Conservatories are available in a variety of materials including uPVC, aluminium and timber whereas orangeries tend to be made from timber, although uPVC orangeries are available. Garden rooms are generally made from traditional mixture of brick, tile, wood and glass.
Roof Design – Garden Rooms Fife VS Conservatory
One of the easiest ways to distinguish one type of extension from another is in the design of the roof.
A Conservatory will always have a fully glazed roof. This may feature eaves, gables and turrets, but will always be entirely glazed providing the maximum amount of light and heat into the room below.
A Garden Room however will feature a tiled roof which usually matches that of the building it is adjoined to. This can create amazing vaulted ceilings and often include roof glazing and a glazed gable, again increasing the amount of natural light to the room.
For the modern interpretation of an Orangery the roof will be flat with a multi-paned glazed timber roof lantern that provides natural light to the room below. The flat roof will be finished with either lead or a modern alternative such as single ply polymeric roof membrane.
Orangeries, garden rooms and conservatories are now available with modern glass technologies to try and keep the space warm in winter and cool in summer. However, it is impossible with the amount of glazing these forms of extension use to realistically maintain a balanced temperature.
The Cost of Garden Rooms Fife
This is the question we are most frequently asked. After all, we all want an idea of how much something might cost before handing over our personal details for a quote.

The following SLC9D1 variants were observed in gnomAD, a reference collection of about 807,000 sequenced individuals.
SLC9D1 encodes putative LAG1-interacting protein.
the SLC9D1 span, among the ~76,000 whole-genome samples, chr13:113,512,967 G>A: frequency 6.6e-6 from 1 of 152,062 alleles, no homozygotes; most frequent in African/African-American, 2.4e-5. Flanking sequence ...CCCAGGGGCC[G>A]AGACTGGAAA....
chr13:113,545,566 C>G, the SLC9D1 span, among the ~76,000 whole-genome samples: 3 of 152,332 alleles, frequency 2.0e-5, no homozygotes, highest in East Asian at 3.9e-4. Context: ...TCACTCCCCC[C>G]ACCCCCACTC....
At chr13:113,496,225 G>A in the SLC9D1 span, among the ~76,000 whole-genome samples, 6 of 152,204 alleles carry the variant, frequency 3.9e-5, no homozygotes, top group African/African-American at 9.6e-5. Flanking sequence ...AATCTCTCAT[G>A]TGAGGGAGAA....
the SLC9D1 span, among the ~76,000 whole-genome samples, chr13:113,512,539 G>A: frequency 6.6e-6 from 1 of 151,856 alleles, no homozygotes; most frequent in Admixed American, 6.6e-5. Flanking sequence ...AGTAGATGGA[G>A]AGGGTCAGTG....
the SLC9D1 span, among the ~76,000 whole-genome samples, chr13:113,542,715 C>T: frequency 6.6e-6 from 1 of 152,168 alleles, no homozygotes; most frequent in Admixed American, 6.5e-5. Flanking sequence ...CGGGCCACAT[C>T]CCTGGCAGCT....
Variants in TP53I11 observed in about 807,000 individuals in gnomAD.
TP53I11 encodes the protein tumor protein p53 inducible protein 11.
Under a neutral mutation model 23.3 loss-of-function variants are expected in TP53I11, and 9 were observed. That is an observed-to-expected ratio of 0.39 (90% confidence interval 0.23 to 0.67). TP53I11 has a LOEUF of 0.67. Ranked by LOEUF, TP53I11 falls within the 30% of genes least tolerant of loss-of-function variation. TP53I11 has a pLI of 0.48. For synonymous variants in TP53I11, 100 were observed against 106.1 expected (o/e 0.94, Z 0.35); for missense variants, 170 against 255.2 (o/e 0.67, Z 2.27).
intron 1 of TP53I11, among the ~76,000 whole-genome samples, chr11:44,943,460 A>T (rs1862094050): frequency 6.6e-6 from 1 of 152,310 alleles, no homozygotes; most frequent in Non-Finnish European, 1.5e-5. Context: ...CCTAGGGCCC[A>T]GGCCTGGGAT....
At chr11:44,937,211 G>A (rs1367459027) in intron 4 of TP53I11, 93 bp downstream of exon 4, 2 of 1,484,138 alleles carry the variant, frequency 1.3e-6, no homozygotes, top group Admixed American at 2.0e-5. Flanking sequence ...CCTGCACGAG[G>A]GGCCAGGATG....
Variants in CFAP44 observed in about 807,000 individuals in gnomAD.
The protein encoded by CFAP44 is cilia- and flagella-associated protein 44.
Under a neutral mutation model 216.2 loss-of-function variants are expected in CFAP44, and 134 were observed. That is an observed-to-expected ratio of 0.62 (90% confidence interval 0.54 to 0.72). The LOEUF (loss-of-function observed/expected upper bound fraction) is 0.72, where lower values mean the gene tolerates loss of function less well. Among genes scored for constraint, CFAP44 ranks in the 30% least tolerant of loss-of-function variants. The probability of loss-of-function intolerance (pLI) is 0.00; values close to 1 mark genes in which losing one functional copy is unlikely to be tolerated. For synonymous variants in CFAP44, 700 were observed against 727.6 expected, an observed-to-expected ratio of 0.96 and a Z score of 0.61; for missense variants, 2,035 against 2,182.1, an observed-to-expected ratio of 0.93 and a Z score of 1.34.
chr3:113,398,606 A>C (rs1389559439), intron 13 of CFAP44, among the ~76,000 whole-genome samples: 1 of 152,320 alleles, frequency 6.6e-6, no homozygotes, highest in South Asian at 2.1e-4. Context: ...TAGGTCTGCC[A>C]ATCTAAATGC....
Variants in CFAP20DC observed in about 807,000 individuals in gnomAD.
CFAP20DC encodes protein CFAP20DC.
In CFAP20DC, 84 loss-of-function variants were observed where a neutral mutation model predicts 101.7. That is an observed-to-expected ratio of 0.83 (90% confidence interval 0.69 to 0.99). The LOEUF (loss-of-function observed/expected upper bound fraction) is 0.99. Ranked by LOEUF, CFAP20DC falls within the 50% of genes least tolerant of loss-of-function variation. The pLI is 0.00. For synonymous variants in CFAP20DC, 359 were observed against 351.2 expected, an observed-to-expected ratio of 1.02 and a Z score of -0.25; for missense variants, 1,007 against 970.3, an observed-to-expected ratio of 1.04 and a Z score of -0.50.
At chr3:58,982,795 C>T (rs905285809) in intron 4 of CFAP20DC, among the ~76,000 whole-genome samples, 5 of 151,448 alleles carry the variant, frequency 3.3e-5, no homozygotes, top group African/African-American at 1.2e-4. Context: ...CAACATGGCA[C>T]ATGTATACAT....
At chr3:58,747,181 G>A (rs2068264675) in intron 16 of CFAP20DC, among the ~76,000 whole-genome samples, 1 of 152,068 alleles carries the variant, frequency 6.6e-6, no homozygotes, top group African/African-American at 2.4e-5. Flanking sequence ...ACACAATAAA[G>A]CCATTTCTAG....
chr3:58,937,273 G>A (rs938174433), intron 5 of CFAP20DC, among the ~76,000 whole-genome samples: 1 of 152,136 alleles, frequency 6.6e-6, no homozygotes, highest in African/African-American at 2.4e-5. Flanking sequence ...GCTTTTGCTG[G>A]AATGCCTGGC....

Luckily many garden room suppliers offer a pricing guide for common sizes of building on their websites so that you can get a rough idea of price.
When it comes to buying a garden room the price depends on a number of factors:
- The size of the building
- Whether you choose a modular or bespoke design
- The building system you choose – house quality SIPS or timber frames
- The finishes you choose – cedar cladding and plastered interiors cost more, for instance
- The designer features you pick – bi-fold doors etc
Budget For Extra Costs
In addition to the price, you pay for the actual garden room building you need to have some extra money in your budget for some common extra costs.
The permitted development rules for an ancillary (Garden Room) building are that:
- it’s located at the back of the house,
- it’s not used as a separate home to live in
- it and any other development, does not take up half or more of the ‘curtilage’,
- any part that’s a metre or less from the boundary is no higher than 2.5 metres,
- the eaves is no higher than 3 metres,
- if the land is in a conservation area or in the grounds of a listed building, the ancillary building has a footprint of less than 4 square metres.
Building Control are specifically concerned about the structure of your building and want to ensure the safety of it.
Are You Ready To Hire?
If you are ready to start your Garden Room project then give us a call! What we can do is an initial site visit to determine and advise on what’s best for you, your garden and your needs.
If you need assistance with finding a great architect, then we can help you with that also.
So what are you waiting for? Get your Garden Room project started today!